This is a problem we all have to consider at some point.
After many years and many approaches I tend to agree in general with the staterment: "For any protected software used by more than a few hundred people, you can find a cracked version. So far, every protection scheme can be tampered with." http://stackoverflow.com/questions/343017/does-your-employer-enforce-the-use-of-anti-piracy-software
Further, every time I post about this subject, some one will remind me; "First of all, no matter what kind of protection you'll employ,a truly dedicated cracker will, eventually, get through all of the protective barriers." http://stackoverflow.com/questions/71146/whats-the-best-value-for-money-c-code-protection-for-a-single-developer
So not withstanding these two broadly true disclaimers, lets talk about "protection"!
I still feel that for smaller apps that are unlikely to warrent the time and attention of a skilled cracker, protection IS a worthwhile exercise.
It seems obvious that no matter what you do, if the cracker can switch the outcome of an IF statement (jmp) by patching the application, then all the passwords and dongles in the world anre not going to help.
So My approach has been to obfuscate the code with virtualization using products like: http://www.oreans.com/codevirtualizer.php I have been very happy with this product. To my knowledge it has neve been defeated. I can even compress the executable with PEcompact Does anyone else have experience with it?
Had nothing but problems with EXEcryptor http://www.strongbit.com/news.asp Even the site is a headache to use. The compiled apps would crash when doing any WMI calls.
This approach allows you to surround smaller sections of code with the obfuscation and thus protect the security checking etc.
I Use the online authorization approach, as the application needs data from the server regularly so it makes no sense for the user to use it off line for extended periods. By definition, the app is worthless at that point, even if it is cracked.
So a simple encrypted handshake is plenty good. I just check it occasionally within the obfuscation protection. If the user installs the app on a different machine, a New ID is uploaded upon launch and the server disables the old ID and returns a new authorization.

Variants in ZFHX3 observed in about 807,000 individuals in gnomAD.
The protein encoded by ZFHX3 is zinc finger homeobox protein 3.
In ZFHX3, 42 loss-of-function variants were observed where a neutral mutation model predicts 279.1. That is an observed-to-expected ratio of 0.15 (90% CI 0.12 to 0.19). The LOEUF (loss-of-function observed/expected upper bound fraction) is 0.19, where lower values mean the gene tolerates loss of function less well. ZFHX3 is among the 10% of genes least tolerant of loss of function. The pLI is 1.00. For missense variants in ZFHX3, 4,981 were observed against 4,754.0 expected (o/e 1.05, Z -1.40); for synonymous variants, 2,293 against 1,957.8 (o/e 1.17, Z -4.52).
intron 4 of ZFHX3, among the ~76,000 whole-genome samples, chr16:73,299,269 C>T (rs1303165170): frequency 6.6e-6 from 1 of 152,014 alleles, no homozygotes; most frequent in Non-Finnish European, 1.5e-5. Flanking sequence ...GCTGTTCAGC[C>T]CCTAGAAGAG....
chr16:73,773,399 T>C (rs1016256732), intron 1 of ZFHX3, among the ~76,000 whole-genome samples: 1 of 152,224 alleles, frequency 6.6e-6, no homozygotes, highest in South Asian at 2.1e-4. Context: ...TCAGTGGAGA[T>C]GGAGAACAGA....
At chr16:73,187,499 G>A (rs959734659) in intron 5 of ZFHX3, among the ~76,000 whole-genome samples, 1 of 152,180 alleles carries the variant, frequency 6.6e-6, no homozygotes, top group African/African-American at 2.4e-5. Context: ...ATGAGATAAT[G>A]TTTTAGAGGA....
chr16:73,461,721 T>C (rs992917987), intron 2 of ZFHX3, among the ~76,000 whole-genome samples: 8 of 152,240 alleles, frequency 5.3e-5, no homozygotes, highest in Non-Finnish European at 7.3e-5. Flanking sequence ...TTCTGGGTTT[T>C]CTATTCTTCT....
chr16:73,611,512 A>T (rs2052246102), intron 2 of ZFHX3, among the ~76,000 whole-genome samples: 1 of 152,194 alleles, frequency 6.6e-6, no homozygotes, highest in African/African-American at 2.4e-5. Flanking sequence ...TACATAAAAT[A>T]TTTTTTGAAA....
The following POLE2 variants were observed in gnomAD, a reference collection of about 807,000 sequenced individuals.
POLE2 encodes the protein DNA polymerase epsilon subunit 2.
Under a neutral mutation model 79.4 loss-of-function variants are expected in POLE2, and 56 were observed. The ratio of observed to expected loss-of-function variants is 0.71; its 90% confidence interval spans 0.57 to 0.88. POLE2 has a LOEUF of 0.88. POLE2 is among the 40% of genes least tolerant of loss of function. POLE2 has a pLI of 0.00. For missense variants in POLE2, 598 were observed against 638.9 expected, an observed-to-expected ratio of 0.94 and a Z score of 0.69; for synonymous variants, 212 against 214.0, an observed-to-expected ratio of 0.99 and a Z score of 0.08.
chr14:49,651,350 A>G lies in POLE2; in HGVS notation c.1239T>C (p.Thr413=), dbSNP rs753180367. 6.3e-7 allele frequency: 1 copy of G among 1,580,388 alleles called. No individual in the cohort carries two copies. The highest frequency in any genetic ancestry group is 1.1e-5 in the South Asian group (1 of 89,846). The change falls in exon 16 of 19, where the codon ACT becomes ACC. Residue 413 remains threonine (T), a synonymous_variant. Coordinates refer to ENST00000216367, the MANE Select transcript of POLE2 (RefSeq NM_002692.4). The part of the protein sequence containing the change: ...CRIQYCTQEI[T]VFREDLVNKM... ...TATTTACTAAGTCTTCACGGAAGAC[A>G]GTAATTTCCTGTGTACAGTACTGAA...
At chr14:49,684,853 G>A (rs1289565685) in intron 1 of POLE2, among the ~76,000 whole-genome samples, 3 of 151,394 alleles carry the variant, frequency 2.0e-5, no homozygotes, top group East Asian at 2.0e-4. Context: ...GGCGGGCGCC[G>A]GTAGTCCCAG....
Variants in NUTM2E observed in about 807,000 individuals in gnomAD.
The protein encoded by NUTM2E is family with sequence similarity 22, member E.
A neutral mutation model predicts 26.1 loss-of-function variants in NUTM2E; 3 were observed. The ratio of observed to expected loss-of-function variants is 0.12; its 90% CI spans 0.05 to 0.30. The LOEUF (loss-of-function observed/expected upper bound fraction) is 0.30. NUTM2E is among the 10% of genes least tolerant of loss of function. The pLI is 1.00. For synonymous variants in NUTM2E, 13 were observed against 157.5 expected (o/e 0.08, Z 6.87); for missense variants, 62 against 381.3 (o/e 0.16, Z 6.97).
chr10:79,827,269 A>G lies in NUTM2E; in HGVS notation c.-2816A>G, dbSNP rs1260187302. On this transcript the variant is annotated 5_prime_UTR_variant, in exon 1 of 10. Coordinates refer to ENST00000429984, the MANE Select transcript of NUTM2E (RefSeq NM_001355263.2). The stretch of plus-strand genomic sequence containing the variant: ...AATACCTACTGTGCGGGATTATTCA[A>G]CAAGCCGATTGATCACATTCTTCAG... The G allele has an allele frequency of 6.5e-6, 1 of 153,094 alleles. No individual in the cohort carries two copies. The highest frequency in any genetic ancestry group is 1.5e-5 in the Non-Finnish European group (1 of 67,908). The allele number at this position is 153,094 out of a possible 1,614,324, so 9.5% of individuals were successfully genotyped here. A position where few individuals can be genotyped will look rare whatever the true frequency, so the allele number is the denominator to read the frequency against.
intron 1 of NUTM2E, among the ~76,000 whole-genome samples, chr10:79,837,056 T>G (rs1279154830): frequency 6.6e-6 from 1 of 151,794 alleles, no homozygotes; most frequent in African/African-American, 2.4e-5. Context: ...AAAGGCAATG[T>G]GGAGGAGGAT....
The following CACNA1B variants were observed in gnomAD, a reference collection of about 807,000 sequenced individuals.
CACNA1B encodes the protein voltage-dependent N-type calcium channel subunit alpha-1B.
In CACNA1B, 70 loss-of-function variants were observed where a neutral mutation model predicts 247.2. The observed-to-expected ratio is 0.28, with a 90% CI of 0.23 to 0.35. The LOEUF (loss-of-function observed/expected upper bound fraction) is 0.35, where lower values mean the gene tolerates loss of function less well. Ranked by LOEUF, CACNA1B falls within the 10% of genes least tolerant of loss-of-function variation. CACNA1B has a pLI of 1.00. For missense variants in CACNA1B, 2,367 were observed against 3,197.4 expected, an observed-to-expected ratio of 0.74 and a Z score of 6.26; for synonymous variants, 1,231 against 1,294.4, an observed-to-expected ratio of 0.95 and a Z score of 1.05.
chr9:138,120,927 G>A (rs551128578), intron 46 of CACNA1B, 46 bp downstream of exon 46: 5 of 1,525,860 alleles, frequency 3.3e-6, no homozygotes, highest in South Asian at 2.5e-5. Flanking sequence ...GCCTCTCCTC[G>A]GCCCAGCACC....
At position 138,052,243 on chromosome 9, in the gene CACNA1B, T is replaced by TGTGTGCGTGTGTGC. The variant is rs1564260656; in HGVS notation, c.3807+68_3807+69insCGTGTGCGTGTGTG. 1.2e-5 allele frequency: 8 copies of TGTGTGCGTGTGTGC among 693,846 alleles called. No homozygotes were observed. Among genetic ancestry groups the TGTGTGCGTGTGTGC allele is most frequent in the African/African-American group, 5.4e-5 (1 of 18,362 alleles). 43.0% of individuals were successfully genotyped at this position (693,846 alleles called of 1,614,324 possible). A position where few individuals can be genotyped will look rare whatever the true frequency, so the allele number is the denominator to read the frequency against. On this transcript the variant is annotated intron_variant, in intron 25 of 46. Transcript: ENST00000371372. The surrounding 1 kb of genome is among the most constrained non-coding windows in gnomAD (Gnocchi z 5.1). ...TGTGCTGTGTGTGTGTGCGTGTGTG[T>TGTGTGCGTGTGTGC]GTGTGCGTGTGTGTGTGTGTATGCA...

I also use a hash of the compiled app and check it at launch to see if a single bit has changed, then open the app as a file (with a read LOCK) from within the app to prevent anyone changing it once launched.
Since all static strings are clearly visible in the .exe file, I try to be generic with error messages and so forth. You will not find the string "Authorization failed" anywhere.
To protect against memory dumps, I use a simple text obfuscation technique (like XOR every character) This makes plain text data in memory harder to distinguish from variables and so forth.
Then of course there is AES for any data that is really sensitive. I like counter mode for text as this results in no repeating sequences revealing underlying data like a sequence of white spaces.
But with all these techniques, if the Key or Initialization vector can be dumped from memory, or the IF statement bypassed, everything is wasted.
I tend to use a switch statement rather than a conditional statement. Then I create a second function that is basically a dead end instead of the function that actually performs the desired task.
Another idea is to code pointers with a variable added. The variable is the result of the authorization (usually zero). This will inevitable lead to a GPF at some point. I only use this as a last resort after a few lower level authorizations have failed otherwise real users may encounter it. Then the reputation of your software is lowered.
What techniques do you use?
(this is NOT a thread debating the merits of implementing something. It is designed for those that have decided to do SOMETHING)